Saturday, September 30, 2006

Printers Printers

I used to think that I was bad as far as computer systems go. The number of active computers I run has ranged from 2-5 for more than a decade now. With two down right now (one probably permanently), I am down to two, the one I am using right now (SYSD), and my server (SYSH). And then I hook my laptop (SYSE) in to my network occasionally to sync and backup everything.

What I find I have now in abundance are printers. I now have five of them hooked up to my systems, most often through multiple paths. Why so many?
  • Inertia

  • eBay

  • Different printers have different advantages and disadvantages.
Here is the current list:
  • Epson EPL-8000:
    • High speed laser printer.
    • Connectivity:
      • LPT1 on router to Ethernet.
    • Advantages:
      • Very fast, esp. for easy printing;
      • Reliable;
      • Relatively cheap to operate;
      • Runs through print server to Ethernet.
    • Disadvantages:
      • It is old enough that it doesn't feed labels or envelopes anymore;
      • It doesn't have a sleep mode;
      • So, it uses a lot of power due to its age and lack of sleep mode;
      • Enough power that it can heat up the room in the summer;
      • Print cartridges are expensive (but last a for a lot of pages).

  • Brother MFC-5100C:
    • Multifunction inkjet scanner, copier, printer, FAX.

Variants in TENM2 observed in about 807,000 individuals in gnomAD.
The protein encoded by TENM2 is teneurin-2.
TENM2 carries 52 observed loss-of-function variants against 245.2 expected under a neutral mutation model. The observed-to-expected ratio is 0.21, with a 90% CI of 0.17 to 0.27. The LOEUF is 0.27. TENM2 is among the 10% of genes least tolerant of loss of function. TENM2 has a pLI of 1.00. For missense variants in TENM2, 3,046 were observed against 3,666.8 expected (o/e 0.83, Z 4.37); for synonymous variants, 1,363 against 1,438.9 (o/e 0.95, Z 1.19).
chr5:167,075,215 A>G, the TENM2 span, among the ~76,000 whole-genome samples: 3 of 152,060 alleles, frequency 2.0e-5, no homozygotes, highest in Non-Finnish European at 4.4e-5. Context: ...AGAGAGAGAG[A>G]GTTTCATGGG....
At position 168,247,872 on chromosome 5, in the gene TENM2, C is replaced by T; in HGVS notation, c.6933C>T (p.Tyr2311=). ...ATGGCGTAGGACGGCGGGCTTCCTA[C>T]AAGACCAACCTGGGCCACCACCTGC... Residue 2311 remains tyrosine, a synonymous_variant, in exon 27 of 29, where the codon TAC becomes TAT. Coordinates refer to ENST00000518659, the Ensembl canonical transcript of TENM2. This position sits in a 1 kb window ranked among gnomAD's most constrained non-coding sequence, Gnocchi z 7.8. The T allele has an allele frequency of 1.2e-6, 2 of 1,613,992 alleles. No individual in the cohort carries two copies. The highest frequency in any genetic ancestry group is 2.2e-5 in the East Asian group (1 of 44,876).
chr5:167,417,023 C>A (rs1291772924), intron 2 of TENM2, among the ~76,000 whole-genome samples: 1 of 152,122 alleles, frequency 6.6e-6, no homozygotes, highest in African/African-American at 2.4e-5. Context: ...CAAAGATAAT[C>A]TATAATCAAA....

• Connectivity:
      • USB to SYSH
      • LPT1 to SYSB
    • Advantages:
      • Flatbed scanning;
      • FAX.
    • Disadvantages:
      • Expensive to run due to cost of ink cartridges (esp. because it uses all four colors when printing B/W);
      • Somewhat flaky.

  • HP BusinessJet 2300:
    • High speed business quality inkjet printer.
    • Connectivity:
      • LPT2 on print server to Ethernet.
    • Advantages:
      • Very cheap to operate for an inkjet printer;
      • Cheap for color printing;
      • Capable of taking HP's biggest cartridges, which are now refillable;
      • Two paper bins/cartridges (I use the top one for labels and envelopes, and the lower has plain paper);
      • Fast for an inkjet printer;
      • Reliable and built to last - this is the type of printer that HP built its reputation on;
      • Runs through print server connected to network (I can buy an Ethernet adaptor for more than I paid for the printer, but with the print server available, why bother?)
    • Disadvantages:
      • More expensive for B/W than laser printers;
      • Prints colored text quickly, but complex images like photos are slower than Photosmart printer.

  • HP Photosmart 7450:
    • Photo grade printer.
    • Connectivity:
      • USB to SYSH
    • Advantages:
      • Fastest for printing colored graphics, such as photos;
      • Able to read different memory chips (which is how I now upload photos from my camera);
      • best quality print.
    • Disadvantages:
      • Most expensive ink;
      • Slower printing text than 2300 or laser printers;
      • Not built to last.

  • Brother MFC-8300:
    • Laser Multifunction for print, copy, and FAX.
    • Connectivity:
      • LPT1 to SYSH
      • USB to SYSB
    • Advantages:
      • Sleep mode for laser printer;
      • Laser printer for FAX (better cost and reliability);
      • Phone for FAX;
      • Laser for copying.
    • Disadvantages:
      • Scanner isn't flatbed;
      • Missing feed tray extender;
      • Shortage of software, esp. compared to MFC-5100C;
      • Somewhat flaky.


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